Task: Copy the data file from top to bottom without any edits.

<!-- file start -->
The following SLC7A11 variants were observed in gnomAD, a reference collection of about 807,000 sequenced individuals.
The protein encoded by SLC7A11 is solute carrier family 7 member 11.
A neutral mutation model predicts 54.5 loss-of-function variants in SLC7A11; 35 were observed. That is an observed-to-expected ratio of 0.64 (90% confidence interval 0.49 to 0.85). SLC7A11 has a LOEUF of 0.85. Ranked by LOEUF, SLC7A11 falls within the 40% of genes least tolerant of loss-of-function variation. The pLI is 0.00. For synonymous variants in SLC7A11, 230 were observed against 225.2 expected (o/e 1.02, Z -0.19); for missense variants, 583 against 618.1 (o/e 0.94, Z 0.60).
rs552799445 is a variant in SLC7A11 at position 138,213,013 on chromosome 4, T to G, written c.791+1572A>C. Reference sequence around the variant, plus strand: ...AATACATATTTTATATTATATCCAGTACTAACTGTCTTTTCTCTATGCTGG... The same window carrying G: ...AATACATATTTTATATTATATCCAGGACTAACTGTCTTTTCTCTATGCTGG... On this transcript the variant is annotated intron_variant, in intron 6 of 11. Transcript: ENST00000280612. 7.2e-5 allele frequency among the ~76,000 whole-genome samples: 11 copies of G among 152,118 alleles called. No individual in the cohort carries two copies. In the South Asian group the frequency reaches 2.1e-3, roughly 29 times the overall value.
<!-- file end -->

The following SLC7A11 variants were observed in gnomAD, a reference collection of about 807,000 sequenced individuals.
The protein encoded by SLC7A11 is solute carrier family 7 member 11.
A neutral mutation model predicts 54.5 loss-of-function variants in SLC7A11; 35 were observed. That is an observed-to-expected ratio of 0.64 (90% confidence interval 0.49 to 0.85). SLC7A11 has a LOEUF of 0.85. Ranked by LOEUF, SLC7A11 falls within the 40% of genes least tolerant of loss-of-function variation. The pLI is 0.00. For synonymous variants in SLC7A11, 230 were observed against 225.2 expected (o/e 1.02, Z -0.19); for missense variants, 583 against 618.1 (o/e 0.94, Z 0.60).
rs552799445 is a variant in SLC7A11 at position 138,213,013 on chromosome 4, T to G, written c.791+1572A>C. Reference sequence around the variant, plus strand: ...AATACATATTTTATATTATATCCAGTACTAACTGTCTTTTCTCTATGCTGG... The same window carrying G: ...AATACATATTTTATATTATATCCAGGACTAACTGTCTTTTCTCTATGCTGG... On this transcript the variant is annotated intron_variant, in intron 6 of 11. Transcript: ENST00000280612. 7.2e-5 allele frequency among the ~76,000 whole-genome samples: 11 copies of G among 152,118 alleles called. No individual in the cohort carries two copies. In the South Asian group the frequency reaches 2.1e-3, roughly 29 times the overall value.